Repeat every 5 years or more infrequently:
Set criterion weights (this step requires a panel, as discussed below).
Repeat at least every 3 years:
Solicit nominations of candidate conditions and technologies.
Obtain the data required for the objective criteria.
Review the objective data and decide what will be used to calculate the priority score (this step requires a panel). Establish the subjective criterion scores (this step requires a panel).
Calculate the priority score.
The next section presents key points about setting criterion weights. Later, the chapter discusses critical concerns regarding the remaining activities in the context of resources needed to implement the process and, more specifically, the responsibilities of the priority-setting panel.
The criterion weights mentioned above in the priority-setting cycle and examined in Chapter 4 are intended to represent the preferences of society. The committee envisions a broadly constituted panel that would set criterion weights not oftener than every 5 years. Once OHTA has established the weight-setting system, it should test and establish its reliability; then it could repeat the procedure only infrequently. Although the committee sees this weighting task as a group process, it might be accomplished by some other means (e.g., voting by mail), if those means were shown to be reliable. Although AHCPR's National Advisory Council might function as this weight-setting panel, the committee suggests that a separate group be constituted for this and subsequent panel tasks, in part because the task requires a particular array of expertise, but also because the workload could be considerable.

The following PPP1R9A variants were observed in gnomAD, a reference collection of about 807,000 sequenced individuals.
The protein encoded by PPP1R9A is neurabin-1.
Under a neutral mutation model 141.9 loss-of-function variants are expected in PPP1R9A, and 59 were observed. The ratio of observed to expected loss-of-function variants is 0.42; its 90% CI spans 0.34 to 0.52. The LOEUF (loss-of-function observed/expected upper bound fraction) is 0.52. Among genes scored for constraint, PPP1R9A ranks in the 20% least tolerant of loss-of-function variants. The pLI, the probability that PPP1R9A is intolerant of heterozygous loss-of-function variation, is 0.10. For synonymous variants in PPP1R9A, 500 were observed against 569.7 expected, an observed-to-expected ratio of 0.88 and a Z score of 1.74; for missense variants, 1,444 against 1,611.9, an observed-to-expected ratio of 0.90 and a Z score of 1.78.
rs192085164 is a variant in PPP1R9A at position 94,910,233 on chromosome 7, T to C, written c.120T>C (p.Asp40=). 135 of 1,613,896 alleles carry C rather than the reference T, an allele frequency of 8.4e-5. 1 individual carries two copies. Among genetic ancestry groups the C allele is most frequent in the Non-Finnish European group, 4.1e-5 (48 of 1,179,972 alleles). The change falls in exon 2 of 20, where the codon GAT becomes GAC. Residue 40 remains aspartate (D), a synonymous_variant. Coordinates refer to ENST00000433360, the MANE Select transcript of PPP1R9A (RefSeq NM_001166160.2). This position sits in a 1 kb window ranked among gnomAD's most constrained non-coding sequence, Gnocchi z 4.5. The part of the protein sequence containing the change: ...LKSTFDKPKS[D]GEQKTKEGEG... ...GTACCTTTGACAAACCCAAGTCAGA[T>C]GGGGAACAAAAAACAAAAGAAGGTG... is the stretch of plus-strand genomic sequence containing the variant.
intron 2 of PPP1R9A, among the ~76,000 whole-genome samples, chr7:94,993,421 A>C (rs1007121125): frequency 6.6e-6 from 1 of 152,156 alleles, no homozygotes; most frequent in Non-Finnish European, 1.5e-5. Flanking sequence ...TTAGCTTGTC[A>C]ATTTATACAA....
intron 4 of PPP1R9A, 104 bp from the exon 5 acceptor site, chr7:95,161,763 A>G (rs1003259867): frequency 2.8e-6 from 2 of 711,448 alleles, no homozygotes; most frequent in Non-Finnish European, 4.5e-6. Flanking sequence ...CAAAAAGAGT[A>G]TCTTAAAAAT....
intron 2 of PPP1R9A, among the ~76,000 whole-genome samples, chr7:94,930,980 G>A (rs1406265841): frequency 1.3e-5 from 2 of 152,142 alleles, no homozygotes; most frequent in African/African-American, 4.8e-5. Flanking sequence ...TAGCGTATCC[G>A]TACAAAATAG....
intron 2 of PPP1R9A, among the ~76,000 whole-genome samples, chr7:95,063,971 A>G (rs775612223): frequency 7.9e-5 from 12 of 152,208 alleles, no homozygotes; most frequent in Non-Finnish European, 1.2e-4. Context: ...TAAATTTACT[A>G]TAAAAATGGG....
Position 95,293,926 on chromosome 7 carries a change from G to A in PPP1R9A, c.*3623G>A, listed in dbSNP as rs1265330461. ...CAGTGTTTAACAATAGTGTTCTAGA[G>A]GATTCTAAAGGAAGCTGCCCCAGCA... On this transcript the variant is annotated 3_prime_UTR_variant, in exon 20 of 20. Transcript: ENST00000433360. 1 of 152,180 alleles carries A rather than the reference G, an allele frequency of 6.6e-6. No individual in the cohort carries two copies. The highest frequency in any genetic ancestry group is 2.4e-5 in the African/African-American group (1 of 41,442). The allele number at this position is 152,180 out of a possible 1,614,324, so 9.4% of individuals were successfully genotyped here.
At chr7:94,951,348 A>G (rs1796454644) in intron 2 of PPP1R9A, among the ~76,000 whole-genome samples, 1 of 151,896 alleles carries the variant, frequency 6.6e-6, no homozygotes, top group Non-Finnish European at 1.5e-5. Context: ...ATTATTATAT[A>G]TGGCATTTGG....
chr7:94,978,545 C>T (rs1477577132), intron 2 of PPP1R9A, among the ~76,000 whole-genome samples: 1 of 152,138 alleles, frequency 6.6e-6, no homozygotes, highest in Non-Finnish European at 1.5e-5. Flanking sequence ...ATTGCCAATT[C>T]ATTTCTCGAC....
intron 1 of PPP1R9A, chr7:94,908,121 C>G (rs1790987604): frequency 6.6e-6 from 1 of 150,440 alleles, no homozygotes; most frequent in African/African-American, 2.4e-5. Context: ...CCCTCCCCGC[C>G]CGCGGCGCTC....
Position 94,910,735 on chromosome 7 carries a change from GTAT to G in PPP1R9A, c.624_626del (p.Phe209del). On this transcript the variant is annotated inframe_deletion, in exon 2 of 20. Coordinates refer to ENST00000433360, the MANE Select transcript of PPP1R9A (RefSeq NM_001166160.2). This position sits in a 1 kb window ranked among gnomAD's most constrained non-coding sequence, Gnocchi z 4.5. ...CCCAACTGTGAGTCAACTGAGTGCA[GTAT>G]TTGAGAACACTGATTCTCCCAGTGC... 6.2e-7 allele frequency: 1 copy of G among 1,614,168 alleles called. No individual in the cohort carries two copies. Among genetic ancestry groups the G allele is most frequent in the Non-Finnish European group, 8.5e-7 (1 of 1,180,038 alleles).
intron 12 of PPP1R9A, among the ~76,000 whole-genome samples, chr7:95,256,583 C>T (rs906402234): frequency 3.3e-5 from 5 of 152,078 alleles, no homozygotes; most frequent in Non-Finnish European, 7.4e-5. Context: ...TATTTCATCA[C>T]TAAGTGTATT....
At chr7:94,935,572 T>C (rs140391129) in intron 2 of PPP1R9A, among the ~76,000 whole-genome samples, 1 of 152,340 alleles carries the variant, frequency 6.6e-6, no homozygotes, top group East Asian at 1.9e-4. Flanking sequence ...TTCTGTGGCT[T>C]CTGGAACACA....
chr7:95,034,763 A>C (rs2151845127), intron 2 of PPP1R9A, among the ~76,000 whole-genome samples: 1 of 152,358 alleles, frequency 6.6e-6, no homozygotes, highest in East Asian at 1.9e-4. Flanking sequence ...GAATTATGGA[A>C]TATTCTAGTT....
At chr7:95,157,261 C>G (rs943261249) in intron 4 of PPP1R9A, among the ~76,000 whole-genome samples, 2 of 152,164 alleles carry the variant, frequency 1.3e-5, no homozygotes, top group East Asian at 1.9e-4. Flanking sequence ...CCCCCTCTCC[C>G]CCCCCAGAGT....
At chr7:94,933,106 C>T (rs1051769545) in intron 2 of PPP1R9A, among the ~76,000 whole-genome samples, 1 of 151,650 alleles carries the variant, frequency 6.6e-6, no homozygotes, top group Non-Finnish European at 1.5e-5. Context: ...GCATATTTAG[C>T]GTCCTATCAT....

Apart from setting the criteria weights, the committee sees the priority-setting cycle as occurring every 2 to 3 years, but not less frequently than every 3 years, because of the current pace of technological change. The time that elapses before repeating the process would depend not on a fixed interval but on how many assessments have been completed.
The number of assessments—as opposed to the number of conditions and technologies that the quantitative model can rank—will depend principally